Cross section of participants at the annual Endometriosis walk in Lagos, recently

By Martins Ifijeh

In a bid to put a stop to Endometriosis, which has been causing untold hardship among Nigerian women and girls, residents of Lagos dared the heavy Saturday rain to walk against the pain and trauma of endometriosis.

The Endometriosis walk, which was facilitated by the Endometriosis Support Group of Nigeria (ESGN) a not-for-profit organisation (NGO) in conjunction with Nordica Fertility Centre, started from Muson Centre, Onikan to Nigerian Law School in Victoria Island, both in Lagos, and terminated at the starting point.

Endometriosis is an incurable gynaecological disorder that occurs when the endometrium (cells lining the uterus) grow in other areas of the body. Women with the disorder readily feel pain, irregular bleeding and have problems getting pregnant.

Speaking during the walk, the Managing Director, Nordica Fertility Centre, Dr. Abayomi Ajayi, said despite the rain, people came out to support the fight against the scourge, adding that it showed that it was a health problem affecting many women and girls in the country.

“I didn’t imagine that people will walk in the rain and that gave me also a shot in the arm. But, it is still a drop in the ocean because women need to know how to manage the lifelong disorder endometriosis so that they can have quality life and enjoy their marriages.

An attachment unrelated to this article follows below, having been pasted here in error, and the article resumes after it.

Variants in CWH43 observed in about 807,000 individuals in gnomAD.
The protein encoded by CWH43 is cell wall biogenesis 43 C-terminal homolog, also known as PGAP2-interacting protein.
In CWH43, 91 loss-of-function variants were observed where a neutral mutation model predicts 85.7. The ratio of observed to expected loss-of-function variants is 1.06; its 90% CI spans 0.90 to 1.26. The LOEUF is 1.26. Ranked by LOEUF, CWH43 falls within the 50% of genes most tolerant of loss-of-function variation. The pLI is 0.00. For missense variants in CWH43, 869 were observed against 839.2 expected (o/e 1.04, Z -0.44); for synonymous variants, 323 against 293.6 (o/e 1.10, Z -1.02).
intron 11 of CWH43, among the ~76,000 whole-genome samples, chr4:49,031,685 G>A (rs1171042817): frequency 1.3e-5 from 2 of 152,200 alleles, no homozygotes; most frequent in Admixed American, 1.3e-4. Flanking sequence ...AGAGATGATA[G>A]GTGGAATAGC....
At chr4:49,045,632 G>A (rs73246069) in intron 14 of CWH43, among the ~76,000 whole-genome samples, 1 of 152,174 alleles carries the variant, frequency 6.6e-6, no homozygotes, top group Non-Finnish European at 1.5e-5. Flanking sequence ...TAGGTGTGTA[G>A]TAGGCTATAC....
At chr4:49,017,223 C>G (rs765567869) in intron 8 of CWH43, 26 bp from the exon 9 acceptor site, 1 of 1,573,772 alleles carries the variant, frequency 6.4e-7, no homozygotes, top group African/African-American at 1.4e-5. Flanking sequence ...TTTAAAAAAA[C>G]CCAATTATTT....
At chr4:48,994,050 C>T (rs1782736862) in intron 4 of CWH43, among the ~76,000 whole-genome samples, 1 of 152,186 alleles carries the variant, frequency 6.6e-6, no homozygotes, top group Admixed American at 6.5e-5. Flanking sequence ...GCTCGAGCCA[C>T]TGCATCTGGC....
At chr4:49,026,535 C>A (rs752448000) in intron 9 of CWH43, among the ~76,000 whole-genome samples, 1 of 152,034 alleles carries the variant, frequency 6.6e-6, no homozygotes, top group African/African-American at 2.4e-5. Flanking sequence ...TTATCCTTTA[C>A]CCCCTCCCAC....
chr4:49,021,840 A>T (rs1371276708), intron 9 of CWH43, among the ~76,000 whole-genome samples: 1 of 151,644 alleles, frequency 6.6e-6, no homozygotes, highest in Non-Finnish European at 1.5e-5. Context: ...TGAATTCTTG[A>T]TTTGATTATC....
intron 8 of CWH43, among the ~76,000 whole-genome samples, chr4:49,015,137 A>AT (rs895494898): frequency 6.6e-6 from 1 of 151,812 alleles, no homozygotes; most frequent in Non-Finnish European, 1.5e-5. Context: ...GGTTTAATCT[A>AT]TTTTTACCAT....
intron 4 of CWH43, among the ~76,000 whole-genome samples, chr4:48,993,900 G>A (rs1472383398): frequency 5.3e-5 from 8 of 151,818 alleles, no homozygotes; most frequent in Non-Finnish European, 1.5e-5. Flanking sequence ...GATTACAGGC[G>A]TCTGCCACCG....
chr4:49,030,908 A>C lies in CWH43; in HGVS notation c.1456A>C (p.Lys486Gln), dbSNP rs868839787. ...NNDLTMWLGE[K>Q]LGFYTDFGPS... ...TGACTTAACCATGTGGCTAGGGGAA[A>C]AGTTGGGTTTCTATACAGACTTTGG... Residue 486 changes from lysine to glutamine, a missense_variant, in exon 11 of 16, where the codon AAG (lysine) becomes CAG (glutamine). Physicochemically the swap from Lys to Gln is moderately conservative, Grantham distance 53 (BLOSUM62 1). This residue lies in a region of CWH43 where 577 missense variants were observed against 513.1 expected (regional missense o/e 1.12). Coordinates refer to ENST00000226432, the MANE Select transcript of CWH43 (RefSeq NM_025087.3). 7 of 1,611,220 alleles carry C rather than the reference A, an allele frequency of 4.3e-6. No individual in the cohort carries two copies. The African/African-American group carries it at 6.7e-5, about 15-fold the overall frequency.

“It is a chronic disease where tissues that are normally found lining the womb (uterus) are found elsewhere in the body forming lesions. During menstrual flow, these lesions bleed in their locations leading to pain. The most common symptoms include chronic pelvic pain, painful bowel movement, menstrual pain and sometimes some degree of infertility ,” Ajayi noted.

Also speaking about her ordeal and long battle with endometriosis for 23 years, despite her professional success is Miss Magese. “I am involved in this because I have been with this endometriosis for 23 years and I kept quiet. Endometriosis forced me to remove my uterus, that I can’t have a child. That was what endometriosis cost me and the only solution for me is to remove my uterus which was the only way to have quality life again because that controlled all my life.”

She adds: “It has been 10 years since my diagnosis, and it has taken a total of 13 surgeries, multiple attempts to reopen my blocked fallopian tubes, a non-functional ovary, miscarriages, and three IVF egg-retrieval procedures during one IVF cycle for me to speak out.”

“The first time I started my story, I told my story in social media, I was summoned by the government of Tanzania who were shocked by my campaign to speak out. “Endometriosis has no known genetic links so what we should do is to raise more awareness so that we can help ourselves as women. It is something that even doctors themselves need to understand more. So I started running seminars with doctors and have been doing lot of awareness using social media and journalists to pass the message,” she said.

She advised girls not be ashamed of the disorder, but always speak out on any reproductive problems facing them. Her words: “I have one rule in life when it comes to health and making a change: when you can help someone, don’t allow shame and other people’s judgement to become an obstacle.”